Mid-town National Register Historic District

Springfield
Greene County

The Mid-town National Register Historic District was officially listed on the National Register of Historic Places on July 13, 1989. It is located within the enter of a large residential area in the north central section of Springfield, MO, and comprises the City’s largest remaining concentration of historic residential architecture. The historic neighborhood is bounded on the north by the Commercial Street NR Historic District, on the south and southeast by tow major institutions — Drury University and Ozark Technical College, and on the west by the City’s Government Plaza district which includes facilities for Springfield Public Schools, City Utilities and County and City Government offices.

The Mid-town district consists primarily of single family houses built between 1870 and 1939. Both vernacular and high style residences are situated in the area and reflect the growth and development of both Springfield and neighboring North Springfield which were merged in 1887. The establishment of Drury College in 1873 had a positive impact on the area during the late 19th century as faculty members settled in the surrounding residential community. The arrival of the railroad in 1870 also resulted in significant commercial expansion in the community and many businessmen and railroad employees alike found Mid-town a desirable place in which to live.

The oldest houses in the neighborhood exhibit Italianate influences with bracketed cornices and low hipped roofs. Gable front and wing or t-plan houses with Queen Anne and Colonial Revival detailing make up the larges concentration of dwellings. American Foursquare, Craftsman bungalow, and Tudor Revival residences are also found throughout this architecturally diverse neighborhood. These buildings, in general, share a unified setback from block to block and are situated on grid platted streets characterized by mature trees and brick and concrete sidewalks.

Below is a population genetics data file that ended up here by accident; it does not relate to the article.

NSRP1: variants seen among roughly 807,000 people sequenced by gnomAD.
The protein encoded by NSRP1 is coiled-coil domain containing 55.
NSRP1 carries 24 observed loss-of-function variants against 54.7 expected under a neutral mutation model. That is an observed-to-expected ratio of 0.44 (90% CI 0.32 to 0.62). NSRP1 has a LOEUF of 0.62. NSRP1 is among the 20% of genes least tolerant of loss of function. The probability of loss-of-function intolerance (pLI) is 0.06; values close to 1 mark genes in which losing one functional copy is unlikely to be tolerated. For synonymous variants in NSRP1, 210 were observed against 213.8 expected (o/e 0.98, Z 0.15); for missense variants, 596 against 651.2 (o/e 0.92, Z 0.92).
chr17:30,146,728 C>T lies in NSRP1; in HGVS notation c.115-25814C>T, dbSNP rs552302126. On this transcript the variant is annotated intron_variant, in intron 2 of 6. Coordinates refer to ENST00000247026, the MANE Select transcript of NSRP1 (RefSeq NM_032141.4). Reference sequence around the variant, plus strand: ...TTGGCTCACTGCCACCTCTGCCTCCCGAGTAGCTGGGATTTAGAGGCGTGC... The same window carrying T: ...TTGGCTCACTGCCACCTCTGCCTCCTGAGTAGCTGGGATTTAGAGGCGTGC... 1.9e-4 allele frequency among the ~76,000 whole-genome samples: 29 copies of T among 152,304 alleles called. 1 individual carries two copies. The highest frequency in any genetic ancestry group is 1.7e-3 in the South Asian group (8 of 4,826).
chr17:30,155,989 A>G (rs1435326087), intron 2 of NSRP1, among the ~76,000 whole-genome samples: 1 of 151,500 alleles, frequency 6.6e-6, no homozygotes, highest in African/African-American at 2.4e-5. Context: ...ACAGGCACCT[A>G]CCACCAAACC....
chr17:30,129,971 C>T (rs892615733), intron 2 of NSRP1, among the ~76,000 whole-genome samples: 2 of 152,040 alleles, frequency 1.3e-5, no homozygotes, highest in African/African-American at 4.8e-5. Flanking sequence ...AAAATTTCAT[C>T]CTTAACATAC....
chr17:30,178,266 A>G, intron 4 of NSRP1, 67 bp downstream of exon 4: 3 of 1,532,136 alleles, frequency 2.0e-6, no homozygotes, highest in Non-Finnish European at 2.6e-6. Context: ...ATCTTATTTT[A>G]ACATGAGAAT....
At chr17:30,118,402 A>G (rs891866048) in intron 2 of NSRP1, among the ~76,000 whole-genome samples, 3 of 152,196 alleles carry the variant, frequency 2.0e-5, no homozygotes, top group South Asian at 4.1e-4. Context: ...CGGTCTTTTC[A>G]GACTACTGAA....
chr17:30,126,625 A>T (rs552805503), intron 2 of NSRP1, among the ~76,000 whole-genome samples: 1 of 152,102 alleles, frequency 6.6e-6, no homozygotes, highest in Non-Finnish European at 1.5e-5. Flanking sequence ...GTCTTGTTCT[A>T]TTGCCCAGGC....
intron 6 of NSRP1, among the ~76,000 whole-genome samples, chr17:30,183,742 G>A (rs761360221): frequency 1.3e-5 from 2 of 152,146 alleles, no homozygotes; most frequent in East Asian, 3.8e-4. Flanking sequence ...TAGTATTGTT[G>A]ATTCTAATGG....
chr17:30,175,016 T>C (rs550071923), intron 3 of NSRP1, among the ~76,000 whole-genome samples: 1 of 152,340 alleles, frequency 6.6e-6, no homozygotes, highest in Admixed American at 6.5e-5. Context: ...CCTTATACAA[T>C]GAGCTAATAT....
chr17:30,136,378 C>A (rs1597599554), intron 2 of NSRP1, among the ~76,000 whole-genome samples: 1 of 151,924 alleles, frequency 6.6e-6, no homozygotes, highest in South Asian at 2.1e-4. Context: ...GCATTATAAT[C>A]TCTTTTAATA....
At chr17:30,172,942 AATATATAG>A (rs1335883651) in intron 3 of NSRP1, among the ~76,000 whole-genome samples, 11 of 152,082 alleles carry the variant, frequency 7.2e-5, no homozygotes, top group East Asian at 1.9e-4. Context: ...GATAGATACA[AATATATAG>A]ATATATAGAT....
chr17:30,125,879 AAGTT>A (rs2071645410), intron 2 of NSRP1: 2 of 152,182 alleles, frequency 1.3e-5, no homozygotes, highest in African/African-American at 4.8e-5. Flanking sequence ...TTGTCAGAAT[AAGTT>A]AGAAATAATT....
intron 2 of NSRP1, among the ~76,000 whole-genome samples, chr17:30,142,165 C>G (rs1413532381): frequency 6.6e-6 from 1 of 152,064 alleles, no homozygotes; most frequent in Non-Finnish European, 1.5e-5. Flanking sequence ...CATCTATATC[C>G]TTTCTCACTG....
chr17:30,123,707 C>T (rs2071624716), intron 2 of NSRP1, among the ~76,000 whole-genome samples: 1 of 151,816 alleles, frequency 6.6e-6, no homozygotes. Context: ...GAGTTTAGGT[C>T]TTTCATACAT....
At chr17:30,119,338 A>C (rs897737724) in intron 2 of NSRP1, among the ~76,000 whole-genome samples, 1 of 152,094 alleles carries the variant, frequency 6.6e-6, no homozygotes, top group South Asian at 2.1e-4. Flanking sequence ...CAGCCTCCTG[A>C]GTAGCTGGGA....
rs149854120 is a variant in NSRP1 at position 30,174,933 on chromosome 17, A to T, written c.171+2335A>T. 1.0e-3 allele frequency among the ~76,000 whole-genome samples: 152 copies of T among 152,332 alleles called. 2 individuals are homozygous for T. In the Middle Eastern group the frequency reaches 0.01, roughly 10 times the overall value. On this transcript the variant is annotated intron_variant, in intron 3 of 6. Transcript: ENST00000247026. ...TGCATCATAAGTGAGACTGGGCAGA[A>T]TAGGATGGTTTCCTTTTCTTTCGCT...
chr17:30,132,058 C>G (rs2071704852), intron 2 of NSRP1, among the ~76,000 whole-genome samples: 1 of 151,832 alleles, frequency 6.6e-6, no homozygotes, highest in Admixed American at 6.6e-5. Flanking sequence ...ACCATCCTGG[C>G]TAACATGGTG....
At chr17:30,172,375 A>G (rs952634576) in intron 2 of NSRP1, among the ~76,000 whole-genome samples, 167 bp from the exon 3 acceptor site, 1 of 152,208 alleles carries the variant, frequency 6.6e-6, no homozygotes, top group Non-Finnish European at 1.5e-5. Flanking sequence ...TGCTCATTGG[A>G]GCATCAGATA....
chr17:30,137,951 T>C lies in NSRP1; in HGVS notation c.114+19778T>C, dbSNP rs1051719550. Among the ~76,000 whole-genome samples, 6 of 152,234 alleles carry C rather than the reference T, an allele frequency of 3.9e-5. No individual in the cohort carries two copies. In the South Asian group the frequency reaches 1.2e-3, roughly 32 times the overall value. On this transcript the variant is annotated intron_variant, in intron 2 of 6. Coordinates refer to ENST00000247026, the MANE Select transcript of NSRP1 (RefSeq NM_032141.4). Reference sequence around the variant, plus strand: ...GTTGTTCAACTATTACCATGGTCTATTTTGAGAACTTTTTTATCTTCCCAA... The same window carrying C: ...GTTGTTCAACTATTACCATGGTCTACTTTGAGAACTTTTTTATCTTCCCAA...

Today, the Midtown National Register District is experiencing at its central core great vitality and interest in its preservation as a unique and desirable area for family living. Its location and historic character are significant attractions which the Midtown Neighborhood Association promotes through events such as the Victorian Christmas Homes Tour, July 4th Neighborhood Parade, and Spic N’ Span Fall Neighborhood Clean-up. Numerous restoration projects are evident on most blocks within the district’s center. A Midtown Neighborhood Plan has been adopted and updated with input from various groups within the community. Unfortunately, areas of concentrated loss of contributing historic building’s have create large gaps in the contiguous boundaries of the district. Moreover, the district is experiencing the erosion of its edges due to demolition of buildings by institutions within or adjacent to the neighborhood that are expanding. Historic single family dwellings have been altered for multiple dwelling uses or office uses due to zoning district designations which are contrary to the original uses found int eh neighborhood, insensitive alterations of buildings has occurred due to the lack of enforceable guidelines, and lack of maintenance on many buildings has allowed for demolition by neglect and has had a cancerous effect on neighboring properties. Even historic buildings within Drury’s Campus, portions of which are National Register-listed, have succumbed, including Harwood hall, named for one of the College’s founders, which was demolished for a new library.

Since the National Register historic district was created in 1989, the district has experienced a loss of 24 contributing historic properties. In one area of the district along North Summit and Clay Streets, 13 contributing buildings have been demolished. The District has seen the loss of its oldest building at 1538 North Benton Avenue. Many other historic resources remain threatened. The greatest challenge for residents of Mid-town and for the City of Springfield is achieving a delicate balance to sustain long term preservation of this very valuable, yet fragile community resource.

Listed in 2001

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